Centering an element vertically or getting a footer

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centering an element vertically or getting a footer to be placed no higher than bottom of viewport, either require complicated and unintuitive style rules, or simple but widely unsupported rules. Absence of expressions There is currently no ability to specify property values as simple expressions (such as margin-left: 10% – 3em + 4px;). This would be useful in a variety of cases, such as calculating the size of columns subject to a constraint on the sum of all columns. However, a working draft with a calc () value to address this limitation has been published by the CSS WG. Internet Explorer versions 5 to 7 support a proprietary expression() statement, with similar functionality. This proprietary expression() statement is no longer supported from Internet Explorer 8 onwards, except in compatibility modes. This decision was taken for standards compliance, browser performance, and security reasons. Lack of column declaration While possible in current CSS 3 (using the column-count module), layouts with multiple columns can be complex to implement in CSS 2.1. With CSS 2.1, the process is often done using floating elements, which are often rendered differently by different browsers, different computer screen shapes, and different screen ratios set on standard monitors. Cannot explicitly declare new scope independently of position Scoping rules for properties such as z-index look for the closest parent element with a position:absolute or position:relative attribute. This odd coupling has undesired effects. For example, it is impossible to avoid declaring a new scope when one is forced to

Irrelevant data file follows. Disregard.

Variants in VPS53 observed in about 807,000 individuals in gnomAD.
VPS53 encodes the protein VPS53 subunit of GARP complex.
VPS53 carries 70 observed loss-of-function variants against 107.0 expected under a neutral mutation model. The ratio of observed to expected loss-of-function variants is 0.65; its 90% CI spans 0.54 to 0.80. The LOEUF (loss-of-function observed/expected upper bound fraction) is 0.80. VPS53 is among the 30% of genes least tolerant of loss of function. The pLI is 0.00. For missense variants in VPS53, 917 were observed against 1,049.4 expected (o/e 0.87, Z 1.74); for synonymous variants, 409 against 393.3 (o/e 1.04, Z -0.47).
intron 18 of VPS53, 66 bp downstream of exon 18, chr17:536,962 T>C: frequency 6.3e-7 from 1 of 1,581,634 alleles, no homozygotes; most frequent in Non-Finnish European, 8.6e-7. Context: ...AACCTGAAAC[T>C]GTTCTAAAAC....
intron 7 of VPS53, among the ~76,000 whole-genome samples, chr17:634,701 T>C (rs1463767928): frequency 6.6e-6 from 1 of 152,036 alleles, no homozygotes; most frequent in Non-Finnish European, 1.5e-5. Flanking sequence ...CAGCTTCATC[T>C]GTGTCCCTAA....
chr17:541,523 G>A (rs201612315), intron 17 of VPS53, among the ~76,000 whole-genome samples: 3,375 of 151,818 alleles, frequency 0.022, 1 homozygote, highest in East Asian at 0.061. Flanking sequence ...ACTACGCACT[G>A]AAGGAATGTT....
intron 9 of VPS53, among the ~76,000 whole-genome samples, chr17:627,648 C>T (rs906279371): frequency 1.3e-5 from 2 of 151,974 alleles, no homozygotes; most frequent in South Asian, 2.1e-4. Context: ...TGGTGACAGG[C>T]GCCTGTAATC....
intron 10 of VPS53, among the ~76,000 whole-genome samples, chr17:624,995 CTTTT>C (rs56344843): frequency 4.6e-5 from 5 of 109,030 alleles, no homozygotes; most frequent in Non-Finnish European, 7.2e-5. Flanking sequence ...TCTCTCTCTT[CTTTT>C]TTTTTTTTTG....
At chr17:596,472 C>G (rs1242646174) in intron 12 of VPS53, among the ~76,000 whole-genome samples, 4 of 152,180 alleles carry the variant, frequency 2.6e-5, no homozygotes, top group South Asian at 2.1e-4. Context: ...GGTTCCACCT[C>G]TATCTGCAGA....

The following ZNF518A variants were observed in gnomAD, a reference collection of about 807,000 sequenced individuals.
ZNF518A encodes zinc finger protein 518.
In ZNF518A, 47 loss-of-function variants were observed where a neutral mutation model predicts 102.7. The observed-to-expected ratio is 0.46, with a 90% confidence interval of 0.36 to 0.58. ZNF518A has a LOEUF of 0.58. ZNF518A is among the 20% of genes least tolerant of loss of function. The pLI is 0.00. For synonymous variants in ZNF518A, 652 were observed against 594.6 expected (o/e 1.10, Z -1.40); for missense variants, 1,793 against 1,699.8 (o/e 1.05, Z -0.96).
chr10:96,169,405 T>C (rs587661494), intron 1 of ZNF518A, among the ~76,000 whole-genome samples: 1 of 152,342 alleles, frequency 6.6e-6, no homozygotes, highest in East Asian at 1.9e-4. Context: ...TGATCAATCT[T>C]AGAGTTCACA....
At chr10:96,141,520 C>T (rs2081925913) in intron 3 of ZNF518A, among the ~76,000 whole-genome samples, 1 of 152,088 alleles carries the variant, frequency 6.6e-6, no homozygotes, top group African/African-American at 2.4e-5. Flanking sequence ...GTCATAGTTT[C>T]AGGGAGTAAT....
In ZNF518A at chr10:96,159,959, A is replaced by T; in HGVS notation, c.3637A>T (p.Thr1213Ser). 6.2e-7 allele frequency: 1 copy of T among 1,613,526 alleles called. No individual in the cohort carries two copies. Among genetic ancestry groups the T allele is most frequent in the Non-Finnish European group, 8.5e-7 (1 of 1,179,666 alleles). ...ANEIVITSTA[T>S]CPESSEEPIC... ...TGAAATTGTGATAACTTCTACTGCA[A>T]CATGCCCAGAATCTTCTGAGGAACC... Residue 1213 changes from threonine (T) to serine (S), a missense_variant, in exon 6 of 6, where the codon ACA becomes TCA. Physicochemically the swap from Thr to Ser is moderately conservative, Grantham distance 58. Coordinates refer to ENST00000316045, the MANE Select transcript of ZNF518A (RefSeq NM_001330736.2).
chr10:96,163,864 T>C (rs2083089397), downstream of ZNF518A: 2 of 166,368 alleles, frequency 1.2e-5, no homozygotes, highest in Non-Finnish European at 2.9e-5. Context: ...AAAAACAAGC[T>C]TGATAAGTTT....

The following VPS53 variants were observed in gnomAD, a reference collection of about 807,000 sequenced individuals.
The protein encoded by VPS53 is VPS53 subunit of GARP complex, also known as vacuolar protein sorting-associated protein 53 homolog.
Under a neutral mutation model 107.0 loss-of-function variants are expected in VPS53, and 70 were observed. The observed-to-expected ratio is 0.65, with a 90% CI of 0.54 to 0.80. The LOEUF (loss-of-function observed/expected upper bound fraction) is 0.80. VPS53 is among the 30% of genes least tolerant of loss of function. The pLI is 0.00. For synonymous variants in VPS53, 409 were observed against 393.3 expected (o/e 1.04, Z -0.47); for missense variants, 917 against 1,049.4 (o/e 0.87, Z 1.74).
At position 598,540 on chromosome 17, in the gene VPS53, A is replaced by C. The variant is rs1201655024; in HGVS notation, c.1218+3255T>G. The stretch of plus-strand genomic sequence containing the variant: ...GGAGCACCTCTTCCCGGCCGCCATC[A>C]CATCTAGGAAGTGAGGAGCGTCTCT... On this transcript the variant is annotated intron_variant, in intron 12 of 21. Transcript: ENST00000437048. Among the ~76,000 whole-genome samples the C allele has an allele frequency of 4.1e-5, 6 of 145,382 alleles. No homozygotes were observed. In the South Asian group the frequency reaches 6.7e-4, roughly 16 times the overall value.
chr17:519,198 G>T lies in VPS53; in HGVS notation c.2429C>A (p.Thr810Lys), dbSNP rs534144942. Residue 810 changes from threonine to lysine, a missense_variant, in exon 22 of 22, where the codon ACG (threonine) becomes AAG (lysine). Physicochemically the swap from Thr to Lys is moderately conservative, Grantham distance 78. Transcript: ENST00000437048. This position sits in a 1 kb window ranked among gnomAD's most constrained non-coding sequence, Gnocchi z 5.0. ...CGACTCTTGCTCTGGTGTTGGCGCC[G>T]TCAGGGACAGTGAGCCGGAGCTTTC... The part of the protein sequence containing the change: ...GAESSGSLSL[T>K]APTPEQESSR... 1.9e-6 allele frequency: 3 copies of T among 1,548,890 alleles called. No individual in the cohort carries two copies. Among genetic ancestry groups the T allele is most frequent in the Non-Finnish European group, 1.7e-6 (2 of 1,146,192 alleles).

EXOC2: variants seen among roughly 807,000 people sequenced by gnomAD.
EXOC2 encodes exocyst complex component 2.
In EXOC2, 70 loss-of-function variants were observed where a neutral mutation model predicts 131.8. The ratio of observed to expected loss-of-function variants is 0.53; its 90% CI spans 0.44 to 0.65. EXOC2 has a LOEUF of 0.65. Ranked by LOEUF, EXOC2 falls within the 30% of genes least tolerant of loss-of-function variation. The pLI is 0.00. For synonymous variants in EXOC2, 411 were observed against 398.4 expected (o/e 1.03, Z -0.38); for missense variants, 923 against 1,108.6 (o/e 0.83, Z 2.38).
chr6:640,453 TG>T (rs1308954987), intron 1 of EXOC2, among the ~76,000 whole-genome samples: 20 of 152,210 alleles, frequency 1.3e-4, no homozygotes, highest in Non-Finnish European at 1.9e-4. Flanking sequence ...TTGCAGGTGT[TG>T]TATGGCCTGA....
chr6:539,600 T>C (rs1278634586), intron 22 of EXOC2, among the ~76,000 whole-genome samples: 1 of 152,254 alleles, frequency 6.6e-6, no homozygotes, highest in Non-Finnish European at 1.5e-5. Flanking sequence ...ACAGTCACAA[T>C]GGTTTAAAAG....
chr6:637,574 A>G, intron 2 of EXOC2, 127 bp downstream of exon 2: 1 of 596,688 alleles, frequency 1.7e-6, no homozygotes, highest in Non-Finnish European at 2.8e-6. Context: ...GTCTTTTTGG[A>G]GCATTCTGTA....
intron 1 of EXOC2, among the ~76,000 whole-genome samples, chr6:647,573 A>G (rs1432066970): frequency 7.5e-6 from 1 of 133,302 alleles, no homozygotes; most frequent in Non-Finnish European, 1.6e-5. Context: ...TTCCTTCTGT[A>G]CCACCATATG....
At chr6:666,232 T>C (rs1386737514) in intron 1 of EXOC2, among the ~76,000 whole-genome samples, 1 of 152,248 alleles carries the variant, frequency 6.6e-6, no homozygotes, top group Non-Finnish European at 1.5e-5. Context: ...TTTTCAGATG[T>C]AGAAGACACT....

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adjust an element's position, preventing one from using the desired scope of a parent element. Pseudo-class dynamic behavior not controllable CSS implements pseudo-classes that allow a degree of user feedback by conditional application of alternate styles. One CSS pseudo-class, ":hover", is dynamic (equivalent of JavaScript "onmouseover") and has potential for abuse (e.g., implementing cursor- proximity popups),[39] but CSS has no ability for a client to disable it (no "disable"-like property) or limit its effects (no "nochange"-like values for each property). Cannot name rules There is no way to name a CSS rule, which would allow (for example) client-side scripts to refer to the rule even if its selector changes. Cannot include styles from a rule into another rule. CSS styles often must be duplicated in several rules to achieve a desired effect, causing additional maintenance and requiring more thorough testing. Cannot target specific text without altering markup. Besides the :first-letter pseudo-element, one cannot target specific ranges of text without needing to utilize place-holder elements. 1 http://jigsaw.w3.org/css-validator/ 2 http://www.w3.org/People 3 http://www.webdevout.net/browser-support-summary? 4 http://snook.ca/archives/html_and_css/css-parent-selectors
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